Though countries like Greece and Spain dominate coverage of the euro mess, Europe’s real crisis is much wore widespread and the effects are much more worrying than the headlines might lead you to think.A lot of the damage is happening in countries that aren’t in the euro, but whose economic and political journeys toward democratic prosperity are at risk. Take Romania. (Please! as the old comics used to say.)Romania is one of Europe’s poorest and least developed countries, and political tensions over the usual — an IMF package, austerity programs — have set off a major brawl between President (possibly soon to be ex-President) Traian Basescu and Prime Minister Victor Ponta that could turn yet another EU member state into a basket case.The sparring began over which top official would represent Romania at last week’s EU summit, and has now spiraled into a contest for supremacy with the president and the constitutional court in one corner, and the prime minister and his parliament in the other. The BBC reports:
Mr Ponta’s USL party passed a law to simplify the process of having the president impeached. That law still needs to be considered by the Constitutional Court.The Constitutional Court itself has accused Mr Ponta of trying to dismantle it, and on Tuesday complained to the European Commission that he was threatening the court’s independence.The USL, in power since May, says that the court is heavily influenced by Mr Basescu, whose popularity has dropped since he imposed austerity measures agreed with the EU and IMF in 2010.
Top European officials began to worry that the rule of law in Romania (never particularly secure, frankly, from the Middle Ages to the present day) is slipping. The Financial Times reports that Eurocrats were literally tweeting with alarm over the Romanian meltdown:
The political stand-off is raising international alarm. Viviane Reding, the European Union’s justice and home affairs commissioner, said on Twitter on Tuesday she was “seriously concerned” about recent attacks on the independence of Romania’s constitutional court.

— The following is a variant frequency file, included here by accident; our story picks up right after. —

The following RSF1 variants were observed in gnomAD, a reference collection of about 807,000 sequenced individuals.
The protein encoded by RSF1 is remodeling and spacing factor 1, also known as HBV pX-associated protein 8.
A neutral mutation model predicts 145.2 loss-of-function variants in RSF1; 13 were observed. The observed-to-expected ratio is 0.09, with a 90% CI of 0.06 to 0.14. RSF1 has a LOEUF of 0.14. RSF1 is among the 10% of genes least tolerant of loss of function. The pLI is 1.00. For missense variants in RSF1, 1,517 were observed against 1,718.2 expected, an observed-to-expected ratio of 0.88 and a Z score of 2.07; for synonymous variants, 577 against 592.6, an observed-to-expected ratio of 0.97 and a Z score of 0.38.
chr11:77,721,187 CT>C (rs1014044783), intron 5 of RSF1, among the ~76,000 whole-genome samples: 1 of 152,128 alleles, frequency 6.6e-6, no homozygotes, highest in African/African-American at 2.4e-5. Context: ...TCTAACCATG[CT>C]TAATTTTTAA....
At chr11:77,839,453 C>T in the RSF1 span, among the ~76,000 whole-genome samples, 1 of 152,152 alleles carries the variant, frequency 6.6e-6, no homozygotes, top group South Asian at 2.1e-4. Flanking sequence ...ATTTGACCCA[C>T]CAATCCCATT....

Then things got worse. The Parliament impeached the President under the controversially constitutional procedures that it had earlier passed. Both the US and the EU have issued statements of concern about the undermining of Romanian institutions and the rule of law.The crisis is not just undermining the economic standing of the country; it threatens to block key Romanian objectives. What much of the Romanian public wants most is Romanian accession to the Schengen Agreement, the accord that lets citizens of the EU states who belong to it travel freely among all member states. For hundreds of thousands of desperately poor Romanians, trapped inside the low-wage, corrupt post-socialist Romanian mess, this represents their best hope of a better life.As the FT notes, in order to burnish its qualifications for this exclusive club and to respond to other EU pressures for reform of its weak and corrupt state, Romania has taken on unforgiving austerity measures, slashing public sector wages by 25 percent and hacking away at benefits; the strain on the county is reaching an all-time high as Basescu and Ponta trade blows.The increasingly inward turning publics of the richer European countries are sick and tired of the seemingly endless needs and problems of their poorer and often less well organized fellow member states. Romania has more than 600,000 Romani people (more familiarly if less respectfully known as gypsies). Many are poorly educated and socially marginalized even by Romanian standards. In times of economic trouble and ethnic tension over immigration, no country in western Europe looks forward to an influx.Romania is a bad fit in the EU and was probably admitted prematurely. But if the euro mess hadn’t blown up, over time the EU and Romania might have figured out a way to make things work. The situation now is less hopeful.The euro isn’t the only governance problem that threatens the European project, but the preoccupation of European elites with their horrible currency experiment and its devastating consequences means that there is ever less political capital and will available to deal with other pressing matters. The southeast of the EU is fraying: Cyprus is looking to Moscow along with non-member Serbia, Greece is growing alienated. Progress toward resolving the Balkan problems in Bosnia and Kosovo seems to have stopped and even gone into reverse. Corruption in Bulgaria and Romania is if anything a growing problem. The EU’s influence in Ukraine is on the wane. In Hungary and now Romania some basic legal and constitutional principles are at risk.American strategic calculations about where the world is going and what our priorities should be have rested on the assumption that a competent and powerful European Union would secure NATO’s eastern flank by promoting the modernization, democratization and pacification of the Balkans and the western reaches of the former USSR. In the Baltic states that calculation still looks pretty good; in the Balkans and beyond, things are no longer so certain.If the present period of EU weakness and distraction continues for some time, and unfortunately there are increasing signs pointing in that direction, the US is going to have to think hard about what its priorities and interests are in this part of the world.But there could be more. The political structures of both NATO and the EU mean that the degradation of democracy or the erosion of western influence in southeastern Europe is more than a local question. Any NATO member can veto joint action by the alliance. And EU members who remain in the club but are hostile to its core values and ambitions can wreak all kinds of havoc.The bottom line: The EU is in much more trouble than the media’s focus on the euro would lead you to believe — and America’s interests are much more affected by these problems than perhaps even most of our national leaders understand.